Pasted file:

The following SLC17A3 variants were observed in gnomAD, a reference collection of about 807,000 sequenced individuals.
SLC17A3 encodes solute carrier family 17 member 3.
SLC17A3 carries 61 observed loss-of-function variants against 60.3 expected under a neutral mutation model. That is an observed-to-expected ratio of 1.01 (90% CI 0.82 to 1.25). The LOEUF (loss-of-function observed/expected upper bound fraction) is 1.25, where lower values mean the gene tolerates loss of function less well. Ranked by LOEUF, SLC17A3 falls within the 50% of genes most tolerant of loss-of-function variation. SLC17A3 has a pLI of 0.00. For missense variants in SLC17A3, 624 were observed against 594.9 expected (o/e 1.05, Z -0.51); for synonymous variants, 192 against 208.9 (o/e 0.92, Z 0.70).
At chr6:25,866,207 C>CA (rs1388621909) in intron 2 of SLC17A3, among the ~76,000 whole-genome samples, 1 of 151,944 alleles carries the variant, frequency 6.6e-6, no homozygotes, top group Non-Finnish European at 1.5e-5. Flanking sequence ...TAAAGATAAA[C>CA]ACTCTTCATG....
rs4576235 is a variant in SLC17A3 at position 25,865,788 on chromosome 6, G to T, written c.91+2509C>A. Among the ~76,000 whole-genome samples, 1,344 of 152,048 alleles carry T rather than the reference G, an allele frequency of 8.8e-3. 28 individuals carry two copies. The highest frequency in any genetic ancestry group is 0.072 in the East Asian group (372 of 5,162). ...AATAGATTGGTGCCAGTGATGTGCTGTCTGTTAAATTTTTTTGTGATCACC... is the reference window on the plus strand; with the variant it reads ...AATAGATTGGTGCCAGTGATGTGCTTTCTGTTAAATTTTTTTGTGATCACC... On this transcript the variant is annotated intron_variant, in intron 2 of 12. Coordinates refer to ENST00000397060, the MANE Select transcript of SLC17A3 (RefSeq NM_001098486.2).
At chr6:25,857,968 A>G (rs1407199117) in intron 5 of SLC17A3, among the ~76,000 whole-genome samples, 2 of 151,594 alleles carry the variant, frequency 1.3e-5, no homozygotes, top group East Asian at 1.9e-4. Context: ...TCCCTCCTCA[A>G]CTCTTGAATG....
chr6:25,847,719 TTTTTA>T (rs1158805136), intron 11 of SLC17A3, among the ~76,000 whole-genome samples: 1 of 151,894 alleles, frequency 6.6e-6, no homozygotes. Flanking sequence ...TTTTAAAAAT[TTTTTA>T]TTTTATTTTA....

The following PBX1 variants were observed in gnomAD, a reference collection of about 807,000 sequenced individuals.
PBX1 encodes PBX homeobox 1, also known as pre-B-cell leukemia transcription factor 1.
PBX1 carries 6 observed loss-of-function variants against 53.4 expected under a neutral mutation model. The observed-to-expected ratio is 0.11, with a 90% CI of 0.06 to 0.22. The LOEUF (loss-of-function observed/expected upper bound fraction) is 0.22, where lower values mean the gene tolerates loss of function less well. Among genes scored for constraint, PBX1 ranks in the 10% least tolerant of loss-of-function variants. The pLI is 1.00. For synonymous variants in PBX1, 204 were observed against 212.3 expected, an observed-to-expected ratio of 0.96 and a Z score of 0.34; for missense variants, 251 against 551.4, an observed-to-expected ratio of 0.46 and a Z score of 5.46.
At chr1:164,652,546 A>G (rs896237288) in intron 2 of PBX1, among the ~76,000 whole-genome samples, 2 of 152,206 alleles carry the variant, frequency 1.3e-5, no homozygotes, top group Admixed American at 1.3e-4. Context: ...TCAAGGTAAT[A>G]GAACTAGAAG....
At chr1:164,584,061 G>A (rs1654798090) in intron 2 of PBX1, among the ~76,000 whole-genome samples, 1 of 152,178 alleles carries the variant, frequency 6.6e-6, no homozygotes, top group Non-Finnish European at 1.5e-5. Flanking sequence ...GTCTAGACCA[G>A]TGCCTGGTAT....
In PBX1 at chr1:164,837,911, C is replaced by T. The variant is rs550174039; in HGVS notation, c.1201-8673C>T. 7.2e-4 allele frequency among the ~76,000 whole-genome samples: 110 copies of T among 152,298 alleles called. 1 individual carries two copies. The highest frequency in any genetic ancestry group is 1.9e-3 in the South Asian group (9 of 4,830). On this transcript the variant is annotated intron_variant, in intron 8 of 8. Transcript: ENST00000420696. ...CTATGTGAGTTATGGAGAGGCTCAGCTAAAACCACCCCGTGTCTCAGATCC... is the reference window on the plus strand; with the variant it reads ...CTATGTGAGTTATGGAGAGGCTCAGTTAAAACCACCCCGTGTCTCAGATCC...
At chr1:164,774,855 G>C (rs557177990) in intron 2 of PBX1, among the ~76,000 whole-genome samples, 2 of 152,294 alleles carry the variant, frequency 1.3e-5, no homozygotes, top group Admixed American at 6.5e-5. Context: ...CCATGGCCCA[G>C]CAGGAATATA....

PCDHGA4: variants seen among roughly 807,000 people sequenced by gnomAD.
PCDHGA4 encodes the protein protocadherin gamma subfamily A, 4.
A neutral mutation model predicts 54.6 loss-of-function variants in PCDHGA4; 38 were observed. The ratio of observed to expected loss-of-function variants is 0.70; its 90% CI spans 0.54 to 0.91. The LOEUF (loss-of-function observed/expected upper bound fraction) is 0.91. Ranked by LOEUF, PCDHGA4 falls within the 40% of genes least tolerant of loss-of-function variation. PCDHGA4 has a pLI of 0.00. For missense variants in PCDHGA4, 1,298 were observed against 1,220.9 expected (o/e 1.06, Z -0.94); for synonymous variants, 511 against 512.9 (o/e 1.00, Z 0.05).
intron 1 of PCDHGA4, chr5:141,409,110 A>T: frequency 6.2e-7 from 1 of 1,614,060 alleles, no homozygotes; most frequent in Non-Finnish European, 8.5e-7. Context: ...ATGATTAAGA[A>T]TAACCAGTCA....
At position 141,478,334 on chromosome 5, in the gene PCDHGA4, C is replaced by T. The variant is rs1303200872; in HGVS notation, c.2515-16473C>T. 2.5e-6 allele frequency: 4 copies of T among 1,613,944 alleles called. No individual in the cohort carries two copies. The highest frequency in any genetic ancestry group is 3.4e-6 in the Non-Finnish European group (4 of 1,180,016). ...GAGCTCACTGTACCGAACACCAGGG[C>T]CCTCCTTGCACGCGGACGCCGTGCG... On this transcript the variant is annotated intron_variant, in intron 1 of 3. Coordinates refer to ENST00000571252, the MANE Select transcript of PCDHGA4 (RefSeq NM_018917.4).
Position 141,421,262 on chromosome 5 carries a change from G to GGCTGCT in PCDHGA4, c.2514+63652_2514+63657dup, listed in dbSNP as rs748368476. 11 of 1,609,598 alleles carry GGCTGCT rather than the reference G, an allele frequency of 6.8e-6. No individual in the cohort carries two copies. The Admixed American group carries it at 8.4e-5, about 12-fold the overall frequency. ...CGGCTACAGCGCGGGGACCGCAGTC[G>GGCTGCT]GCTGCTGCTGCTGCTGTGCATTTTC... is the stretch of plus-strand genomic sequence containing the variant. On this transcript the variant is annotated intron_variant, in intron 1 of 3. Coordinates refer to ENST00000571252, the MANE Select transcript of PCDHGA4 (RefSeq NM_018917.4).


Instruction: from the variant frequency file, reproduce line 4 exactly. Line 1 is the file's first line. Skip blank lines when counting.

At chr6:25,866,207 C>CA (rs1388621909) in intron 2 of SLC17A3, among the ~76,000 whole-genome samples, 1 of 151,944 alleles carries the variant, frequency 6.6e-6, no homozygotes, top group Non-Finnish European at 1.5e-5. Flanking sequence ...TAAAGATAAA[C>CA]ACTCTTCATG....